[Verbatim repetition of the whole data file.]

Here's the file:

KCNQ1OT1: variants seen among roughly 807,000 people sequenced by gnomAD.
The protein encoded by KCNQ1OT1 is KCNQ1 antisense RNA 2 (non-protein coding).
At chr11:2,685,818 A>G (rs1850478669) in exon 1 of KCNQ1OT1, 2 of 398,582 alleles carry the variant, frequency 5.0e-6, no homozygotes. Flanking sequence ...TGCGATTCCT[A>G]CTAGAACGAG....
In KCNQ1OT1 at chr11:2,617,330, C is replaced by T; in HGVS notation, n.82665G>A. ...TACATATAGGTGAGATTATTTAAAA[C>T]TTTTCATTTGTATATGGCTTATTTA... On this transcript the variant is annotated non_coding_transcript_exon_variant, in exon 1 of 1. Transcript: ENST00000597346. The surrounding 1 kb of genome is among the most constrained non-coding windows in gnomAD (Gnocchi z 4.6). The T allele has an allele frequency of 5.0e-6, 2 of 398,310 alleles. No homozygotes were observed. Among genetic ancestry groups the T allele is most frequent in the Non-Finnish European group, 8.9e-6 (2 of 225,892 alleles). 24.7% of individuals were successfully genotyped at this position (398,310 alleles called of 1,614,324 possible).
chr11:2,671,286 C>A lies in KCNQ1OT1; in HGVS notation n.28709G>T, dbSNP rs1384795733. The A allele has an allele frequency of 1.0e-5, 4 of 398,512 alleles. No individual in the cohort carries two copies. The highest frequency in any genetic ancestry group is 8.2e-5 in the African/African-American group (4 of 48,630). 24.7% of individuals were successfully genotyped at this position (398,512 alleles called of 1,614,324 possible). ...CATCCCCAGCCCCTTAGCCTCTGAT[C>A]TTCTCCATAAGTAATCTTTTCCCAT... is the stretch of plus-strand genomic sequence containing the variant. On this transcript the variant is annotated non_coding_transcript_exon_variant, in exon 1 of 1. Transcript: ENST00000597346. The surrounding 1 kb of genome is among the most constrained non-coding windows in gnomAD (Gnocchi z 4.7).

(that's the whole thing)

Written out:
KCNQ1OT1: variants seen among roughly 807,000 people sequenced by gnomAD.
The protein encoded by KCNQ1OT1 is KCNQ1 antisense RNA 2 (non-protein coding).
At chr11:2,685,818 A>G (rs1850478669) in exon 1 of KCNQ1OT1, 2 of 398,582 alleles carry the variant, frequency 5.0e-6, no homozygotes. Flanking sequence ...TGCGATTCCT[A>G]CTAGAACGAG....
In KCNQ1OT1 at chr11:2,617,330, C is replaced by T; in HGVS notation, n.82665G>A. ...TACATATAGGTGAGATTATTTAAAA[C>T]TTTTCATTTGTATATGGCTTATTTA... On this transcript the variant is annotated non_coding_transcript_exon_variant, in exon 1 of 1. Transcript: ENST00000597346. The surrounding 1 kb of genome is among the most constrained non-coding windows in gnomAD (Gnocchi z 4.6). The T allele has an allele frequency of 5.0e-6, 2 of 398,310 alleles. No homozygotes were observed. Among genetic ancestry groups the T allele is most frequent in the Non-Finnish European group, 8.9e-6 (2 of 225,892 alleles). 24.7% of individuals were successfully genotyped at this position (398,310 alleles called of 1,614,324 possible).
chr11:2,671,286 C>A lies in KCNQ1OT1; in HGVS notation n.28709G>T, dbSNP rs1384795733. The A allele has an allele frequency of 1.0e-5, 4 of 398,512 alleles. No individual in the cohort carries two copies. The highest frequency in any genetic ancestry group is 8.2e-5 in the African/African-American group (4 of 48,630). 24.7% of individuals were successfully genotyped at this position (398,512 alleles called of 1,614,324 possible). ...CATCCCCAGCCCCTTAGCCTCTGAT[C>A]TTCTCCATAAGTAATCTTTTCCCAT... is the stretch of plus-strand genomic sequence containing the variant. On this transcript the variant is annotated non_coding_transcript_exon_variant, in exon 1 of 1. Transcript: ENST00000597346. The surrounding 1 kb of genome is among the most constrained non-coding windows in gnomAD (Gnocchi z 4.7).